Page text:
Canadians Halt Penny Production: Do US Pennies Still Make Sense?
With the Royal Canadian Mint ready to eliminate the penny from its coinage system in the fall of 2012, some people are wondering if the US should follow suit. As YNN's Ryan Whalen explains, just like the coin, this argument has two sides.
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NIAGARA FALLS, N.Y. -- They've long been considered interchangeable, but soon the American penny won't have its Canadian counterpart.
Canadian shoppers at the Niagara Falls Outlet Mall Sunday say they don't think it will be a problem.
"Even over here, you don't search around for a penny,” said Fort Erie resident Kelly Parkes. “Yeah you get it, but you don't really think about it and you throw it in a bucket. If you have American change most of the time you just throw it aside anyways or wait until you come back over here to use it."
"Most countries, I know when I travel, they don't really use pennies,” said Toronto resident Nelson Da Paz. “They use, really, nickels or five cent whatever it is as a minimum. So I think Canada and the states are one of the few countries that use it."
The Royal Canadian Mint will soon no longer distribute pennies, citing the fact pennies now cost more to produce than they're worth.
In the United States pennies cost even more to produce than in Canada.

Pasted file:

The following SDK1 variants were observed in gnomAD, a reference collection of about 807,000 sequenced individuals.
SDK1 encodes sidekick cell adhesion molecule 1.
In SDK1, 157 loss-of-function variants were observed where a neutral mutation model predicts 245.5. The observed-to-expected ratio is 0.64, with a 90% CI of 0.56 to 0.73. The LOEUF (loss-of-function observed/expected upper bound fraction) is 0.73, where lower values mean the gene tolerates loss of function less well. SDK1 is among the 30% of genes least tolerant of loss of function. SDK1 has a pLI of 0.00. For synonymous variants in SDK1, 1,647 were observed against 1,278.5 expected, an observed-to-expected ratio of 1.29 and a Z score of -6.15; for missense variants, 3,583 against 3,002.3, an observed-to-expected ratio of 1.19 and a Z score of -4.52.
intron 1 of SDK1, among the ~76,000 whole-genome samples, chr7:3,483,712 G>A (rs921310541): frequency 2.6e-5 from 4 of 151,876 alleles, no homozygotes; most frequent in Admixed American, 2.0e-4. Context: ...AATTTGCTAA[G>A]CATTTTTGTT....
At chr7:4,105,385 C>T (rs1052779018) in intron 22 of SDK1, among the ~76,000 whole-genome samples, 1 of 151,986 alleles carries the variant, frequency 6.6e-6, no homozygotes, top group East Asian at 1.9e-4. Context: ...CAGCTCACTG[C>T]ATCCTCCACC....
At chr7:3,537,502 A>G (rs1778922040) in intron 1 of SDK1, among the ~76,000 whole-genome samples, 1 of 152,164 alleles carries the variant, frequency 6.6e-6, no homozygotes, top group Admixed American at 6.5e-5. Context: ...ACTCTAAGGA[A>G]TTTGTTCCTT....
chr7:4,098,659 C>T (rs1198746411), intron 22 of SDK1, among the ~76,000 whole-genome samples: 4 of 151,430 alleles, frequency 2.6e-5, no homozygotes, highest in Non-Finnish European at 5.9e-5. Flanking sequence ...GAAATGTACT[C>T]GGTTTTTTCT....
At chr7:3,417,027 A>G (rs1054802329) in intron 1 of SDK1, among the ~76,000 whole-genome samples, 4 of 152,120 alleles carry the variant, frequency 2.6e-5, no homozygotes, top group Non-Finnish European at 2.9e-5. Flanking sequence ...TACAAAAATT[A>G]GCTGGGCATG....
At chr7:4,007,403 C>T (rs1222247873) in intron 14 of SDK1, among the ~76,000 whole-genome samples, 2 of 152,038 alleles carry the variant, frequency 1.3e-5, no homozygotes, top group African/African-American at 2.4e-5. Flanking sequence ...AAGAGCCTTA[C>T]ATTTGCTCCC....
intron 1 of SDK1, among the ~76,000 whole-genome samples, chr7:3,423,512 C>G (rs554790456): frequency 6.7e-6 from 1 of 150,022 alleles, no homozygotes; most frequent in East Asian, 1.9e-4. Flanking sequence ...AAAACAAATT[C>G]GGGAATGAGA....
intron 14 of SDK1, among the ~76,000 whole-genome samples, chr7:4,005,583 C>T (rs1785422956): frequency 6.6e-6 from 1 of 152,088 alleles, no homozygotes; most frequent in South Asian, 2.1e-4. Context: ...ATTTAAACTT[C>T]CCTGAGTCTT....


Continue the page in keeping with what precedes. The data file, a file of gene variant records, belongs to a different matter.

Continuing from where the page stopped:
Some shoppers wonder if it will be long before the U-S follows its neighbor's lead.
"Everything else is going up, you know? Why not the coins themselves?" asked Niagara Falls resident William Robinson.
"When I shop, I use it,” said Niagara Falls resident Shanna Lee. “I use it if I'm taking the public transportation. It comes in very useful because it always makes up in anything I'm buying."
It's not a new question. Coin dealer John Magavern says US lawmakers have been pondering eliminating the penny for years.
"At one point we had two cents pieces, three cent pieces, four dollar gold coins and for one reason or another they've been stopped,” said Magavern. “So it’s definitely not unprecedented."
But the one cent piece has its passionate supporters. The group Americans for Common Cents sole purpose is to promote the penny. Magavern says a lot of the support has to do with the guy on the front.
"Lincoln was considered one of our greatest presidents and he's obviously on the penny and a lot of people don't want it removed just for that reason alone," said Magavern.
As for the Canadian penny, Magavern says start saving them. They could soon be worth a lot more than a cent.